Baseball is not officially back until people start having player rank debates given a weird set of parameters. Thus, the official start of the 2017 MLB season began on Monday when ESPN’s Sam Miller wrote about which player MLB executives would want to start a franchise with if statistics did not exist. The eye test making a furious comeback to determine the best players in baseball.
The issues with coming up with such a list are many. The statistics have become an embedded portion of the knowledge of the game, so any fan or executive cannot completely separate the bias from creating such a list. Should there be an emphasis on personal fascination with a particular style of play, batting stance, or attitude? Are there bad players who would be considered good – or even great- under such a system? Which good players would become undervalued due to elite traits that are more difficult to notice?
Regardless, wasting time discussing such opinions is as much a part of baseball as a wooden bat, so here are the rules set by Miller.
What if some ministry of information outlawed the collection of baseball statistics and we were all left to judge players exclusively by what we saw, what we perceived and what we remembered? Who would be perceived as the best player in baseball?
Miller’s article also included a list of 24 players used as answers by the 15 executives and writers he posed this hypothetical question. That list became fodder for the discussion to continue in social media as Baseball Prospectus’ Jeff Long noted one of the more obvious exclusions. Many more from across baseball chimed in with some of their own favorites.
Sam Miller asked who you would start a franchise with if no stats existed and nobody said Manny Machado. pic.twitter.com/HDpWfBRpba
— Jeff Long (@JeffLongBP) February 21, 2017
Miller focused on three categories for types of answers he received. The utter anarchy category (too much information to be able to sort without stats), good filters category (scouts could still do decent picking out best especially Mike Trout), and wow filter (hardest throwers, longest home run hitters would be noticed most). The focus on the answers rather than the players though might be misplaced. Instead, focusing on how the players themselves might get categorized could lead to more interesting results.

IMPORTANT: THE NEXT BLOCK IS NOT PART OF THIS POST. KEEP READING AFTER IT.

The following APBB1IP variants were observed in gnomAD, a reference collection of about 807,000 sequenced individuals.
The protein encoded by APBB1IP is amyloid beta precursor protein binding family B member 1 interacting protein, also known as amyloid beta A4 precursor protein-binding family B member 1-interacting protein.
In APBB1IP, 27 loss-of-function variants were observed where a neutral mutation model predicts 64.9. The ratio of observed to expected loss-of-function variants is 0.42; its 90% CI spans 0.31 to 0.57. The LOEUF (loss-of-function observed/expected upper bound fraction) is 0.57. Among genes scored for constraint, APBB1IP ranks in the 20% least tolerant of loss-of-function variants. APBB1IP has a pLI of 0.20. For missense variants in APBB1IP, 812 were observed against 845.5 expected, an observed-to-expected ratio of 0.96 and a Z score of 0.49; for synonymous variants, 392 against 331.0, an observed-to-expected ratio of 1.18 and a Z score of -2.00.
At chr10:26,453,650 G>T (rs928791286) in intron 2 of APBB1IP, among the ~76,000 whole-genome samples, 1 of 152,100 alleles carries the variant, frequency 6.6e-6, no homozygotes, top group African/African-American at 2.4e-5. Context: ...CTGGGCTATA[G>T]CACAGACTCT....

Here is one way to do such a player-based categorization.
One tool jaw droppers
Mark Trumbo, Khris Davis, and Chris Carter lead with the farmboy raw power. Even guys like Todd Frazier and Mike Napoli could make this list if seen on the correct day or if the highlight packages showed off the moonshot home runs more than the line drive doubles and fence-scraping dingers of others. An interesting question would be if these slugggers would get more acclaim (and money) than the guys like Edwin Encarnacion who have more actual value to scoring runs.
Billy Hamilton deserves his own place here. Assuming some baseline for ability to hit being closer to below average (2016) than horrific (2015), then Hamilton’s speed could be gawked over. His speed lends itself to baserunning, defense, and a better chance at infield singles. The singular tool already elevates him in the eyes of many for potential, so it is not a stretch to think it might even moreso if no one could combat against with proven numbers.